It defines a “mortgage lender” as a person engaged in the business of making mortgage loans in such person's own name using such person's own funds or by funding loans through a warehouse agreement, table funding agreement, or similar agreement. Finally, it defines a “mortgage correspondent lender” as a person engaged in the business of making mortgage loans in the person's own name where the loans are not held by such person for more than ninety days and are funded by another person through a warehouse agreement, table funding agreement, or similar agreement.

31-33, 35 & 39 — Nationwide Mortgage Licensing System

The act moves up, from September 30 to July 1, 2008, the effective date of the National Mortgage Licensing System provisions of PA 07-156 and changes the name of the system to the Nationwide Mortgage Licensing System. The act converts existing “first” and “second” mortgage professional licenses to the combined license on July 1, 2008. The act requires those licensed on that date to transition to the system before October 1, 2008. All filings must be submitted exclusively through the system starting on July 1, 2008. (Initial applications submitted on the system between October 1 and December 31, 2008 cannot be approved before January 1, 2009. )

37 — Examination Fees

The act allows, rather than requires, the commissioner to suspend a license for failure to pay the cost of any examination of the licensee within 60 days, rather than 30 days, of the demand.

38 & 40 — Business of Making Loans

The law requires those engaged in the business of making loans to be licensed (with exceptions). The act provides that a person, other than a licensed originator acting on behalf of a lender or broker, that employs or retains the mortgage loan originator is deemed to be engaged in the business of making mortgage loans if the person advertises, causes to be advertised, solicits, offers to make, or makes mortgage loans, either directly or indirectly. The act specifically expands the definition of advertisement to include any announcement, statement, assertion, or representation that is placed before the public in a newspaper, magazine, or other publication; or in the form of a notice, circular, pamphlet, letter, or poster; over any radio or television station; by means of the Internet or by other electronic means of distributing information; by personal contact; or in any other way. Under prior law, it included the use of media, mail, computer, telephone, personal contact, or any other means.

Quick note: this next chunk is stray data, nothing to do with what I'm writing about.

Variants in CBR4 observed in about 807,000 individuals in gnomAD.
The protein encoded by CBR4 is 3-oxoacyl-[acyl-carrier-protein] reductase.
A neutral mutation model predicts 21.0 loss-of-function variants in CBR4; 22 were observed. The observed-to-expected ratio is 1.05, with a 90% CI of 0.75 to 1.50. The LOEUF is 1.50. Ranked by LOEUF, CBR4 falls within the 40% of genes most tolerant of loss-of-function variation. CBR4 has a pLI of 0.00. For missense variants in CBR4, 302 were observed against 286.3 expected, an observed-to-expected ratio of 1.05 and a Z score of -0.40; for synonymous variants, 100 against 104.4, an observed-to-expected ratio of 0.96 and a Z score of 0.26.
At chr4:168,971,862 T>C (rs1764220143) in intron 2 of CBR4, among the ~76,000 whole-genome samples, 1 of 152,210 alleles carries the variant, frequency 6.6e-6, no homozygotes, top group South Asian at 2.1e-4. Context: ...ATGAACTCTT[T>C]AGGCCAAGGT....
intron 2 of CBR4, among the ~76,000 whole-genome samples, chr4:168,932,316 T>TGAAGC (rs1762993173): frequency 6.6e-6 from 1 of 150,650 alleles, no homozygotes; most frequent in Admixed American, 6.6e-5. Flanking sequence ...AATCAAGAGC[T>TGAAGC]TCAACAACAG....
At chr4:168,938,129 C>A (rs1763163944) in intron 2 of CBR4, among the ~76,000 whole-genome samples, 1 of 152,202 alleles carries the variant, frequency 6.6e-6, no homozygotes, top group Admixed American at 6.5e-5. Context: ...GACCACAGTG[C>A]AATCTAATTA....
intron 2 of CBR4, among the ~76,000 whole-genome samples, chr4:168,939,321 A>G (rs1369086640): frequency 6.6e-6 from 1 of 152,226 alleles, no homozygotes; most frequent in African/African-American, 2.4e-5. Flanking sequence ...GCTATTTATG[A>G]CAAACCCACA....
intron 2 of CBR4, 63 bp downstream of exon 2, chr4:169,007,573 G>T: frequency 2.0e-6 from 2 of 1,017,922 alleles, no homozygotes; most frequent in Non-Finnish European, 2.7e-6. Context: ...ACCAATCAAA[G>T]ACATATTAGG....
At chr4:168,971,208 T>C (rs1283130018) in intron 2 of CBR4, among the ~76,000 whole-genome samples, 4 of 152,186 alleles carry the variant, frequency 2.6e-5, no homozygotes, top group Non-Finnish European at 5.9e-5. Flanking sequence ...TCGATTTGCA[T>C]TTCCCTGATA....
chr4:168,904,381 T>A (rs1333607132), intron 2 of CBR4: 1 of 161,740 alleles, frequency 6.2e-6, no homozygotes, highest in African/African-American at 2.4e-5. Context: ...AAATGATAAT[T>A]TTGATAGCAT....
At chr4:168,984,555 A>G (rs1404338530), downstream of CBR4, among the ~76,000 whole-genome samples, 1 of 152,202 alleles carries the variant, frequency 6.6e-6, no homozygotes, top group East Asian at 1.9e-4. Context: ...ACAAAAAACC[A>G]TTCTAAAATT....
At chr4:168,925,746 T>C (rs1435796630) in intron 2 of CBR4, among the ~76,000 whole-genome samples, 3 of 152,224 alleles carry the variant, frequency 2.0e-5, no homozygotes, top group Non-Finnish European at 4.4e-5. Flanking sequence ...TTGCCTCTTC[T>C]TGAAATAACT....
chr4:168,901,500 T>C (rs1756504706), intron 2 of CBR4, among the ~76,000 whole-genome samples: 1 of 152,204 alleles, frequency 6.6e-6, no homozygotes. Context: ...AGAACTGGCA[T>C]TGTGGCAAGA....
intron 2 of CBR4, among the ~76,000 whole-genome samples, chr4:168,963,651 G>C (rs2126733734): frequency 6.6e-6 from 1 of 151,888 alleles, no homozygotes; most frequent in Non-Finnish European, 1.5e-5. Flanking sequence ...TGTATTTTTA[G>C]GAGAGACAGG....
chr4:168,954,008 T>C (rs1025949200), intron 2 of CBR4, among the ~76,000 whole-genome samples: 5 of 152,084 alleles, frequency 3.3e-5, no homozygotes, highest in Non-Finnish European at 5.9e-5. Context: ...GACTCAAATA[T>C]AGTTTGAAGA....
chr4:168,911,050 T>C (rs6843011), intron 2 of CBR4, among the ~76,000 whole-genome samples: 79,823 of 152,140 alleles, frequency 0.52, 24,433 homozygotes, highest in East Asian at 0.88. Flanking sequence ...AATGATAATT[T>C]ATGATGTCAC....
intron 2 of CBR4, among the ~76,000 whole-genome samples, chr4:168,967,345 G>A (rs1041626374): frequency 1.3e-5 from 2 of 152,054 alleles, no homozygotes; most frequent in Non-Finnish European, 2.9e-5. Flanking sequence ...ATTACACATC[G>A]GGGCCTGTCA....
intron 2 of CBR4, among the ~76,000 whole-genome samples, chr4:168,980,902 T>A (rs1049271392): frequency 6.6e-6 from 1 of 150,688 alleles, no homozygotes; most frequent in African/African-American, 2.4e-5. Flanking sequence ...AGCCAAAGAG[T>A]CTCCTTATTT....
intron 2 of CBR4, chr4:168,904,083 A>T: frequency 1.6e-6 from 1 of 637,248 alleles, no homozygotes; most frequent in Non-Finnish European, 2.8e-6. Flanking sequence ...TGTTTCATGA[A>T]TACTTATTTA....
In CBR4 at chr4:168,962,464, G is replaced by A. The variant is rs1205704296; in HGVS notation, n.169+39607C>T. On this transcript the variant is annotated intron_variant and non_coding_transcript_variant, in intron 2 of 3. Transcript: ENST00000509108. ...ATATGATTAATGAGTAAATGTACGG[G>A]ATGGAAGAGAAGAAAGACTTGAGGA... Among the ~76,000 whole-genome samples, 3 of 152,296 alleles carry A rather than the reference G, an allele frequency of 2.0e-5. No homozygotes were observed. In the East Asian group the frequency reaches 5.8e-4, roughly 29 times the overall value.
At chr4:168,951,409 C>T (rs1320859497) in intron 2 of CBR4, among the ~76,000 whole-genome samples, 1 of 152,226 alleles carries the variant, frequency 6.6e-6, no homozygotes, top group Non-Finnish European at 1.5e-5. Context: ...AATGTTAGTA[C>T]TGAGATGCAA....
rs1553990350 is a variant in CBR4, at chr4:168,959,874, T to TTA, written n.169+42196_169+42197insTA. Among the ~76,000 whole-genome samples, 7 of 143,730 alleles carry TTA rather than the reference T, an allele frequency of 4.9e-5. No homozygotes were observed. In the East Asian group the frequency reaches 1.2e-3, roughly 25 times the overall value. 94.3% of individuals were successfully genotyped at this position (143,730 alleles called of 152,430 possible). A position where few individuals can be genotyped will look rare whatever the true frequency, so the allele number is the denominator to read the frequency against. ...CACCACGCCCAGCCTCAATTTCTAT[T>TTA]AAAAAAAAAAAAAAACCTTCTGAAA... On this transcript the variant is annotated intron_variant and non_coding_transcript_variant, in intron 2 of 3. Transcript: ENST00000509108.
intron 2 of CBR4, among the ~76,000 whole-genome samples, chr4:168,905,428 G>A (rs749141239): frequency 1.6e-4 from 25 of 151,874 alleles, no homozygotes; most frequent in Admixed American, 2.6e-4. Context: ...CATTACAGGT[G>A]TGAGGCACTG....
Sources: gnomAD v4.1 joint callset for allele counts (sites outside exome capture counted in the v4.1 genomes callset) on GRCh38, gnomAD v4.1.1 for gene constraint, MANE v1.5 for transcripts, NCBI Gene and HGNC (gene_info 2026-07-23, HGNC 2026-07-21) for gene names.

The act allows an originator or lender licensee to file a notification of the termination of an originator with the nationwide system. Prior law requires both the originator and the broker or lender licensee to do so with the commissioner.

The act specifies that licenses must be obtained for each main office (the address filed with the nationwide system) and branch office (any other location).

41 — Exemptions from Licensure

The act exempts operating subsidiaries of federal banks and federally chartered out-of-state banks from license requirements. In a conforming change, it removes the exemption for secondary mortgage licensees who made less than 12 first mortgage loans in 12 months and instead limits the exemption to people owning real property who take a secondary mortgage back from the buyer. Finally, it moves the existing secondary mortgage exemption for relatives to this section.

42 — Licensing Requirements

The act increases the tangible net worth requirement for brokers and correspondent lenders from $25,000 to $50,000 starting on March 1, 2009.

The act also requires lenders and brokers to have a qualified individual at a main office and a branch manager at a branch office, with supervisory authority over the lending or brokerage activities, who has at least three years of experience in the mortgage business in the previous five years to be present at each office. (Prior law required lenders and brokers to have a person with supervisory authority at each location with those experience requirements. ) The act defines this experience to include paid experience in the origination, processing; or underwriting of mortgage loans; the marketing of such loans in the secondary market or in the supervision of such activities; or any other relevant experience as determined by the commissioner. The term was not defined in prior law.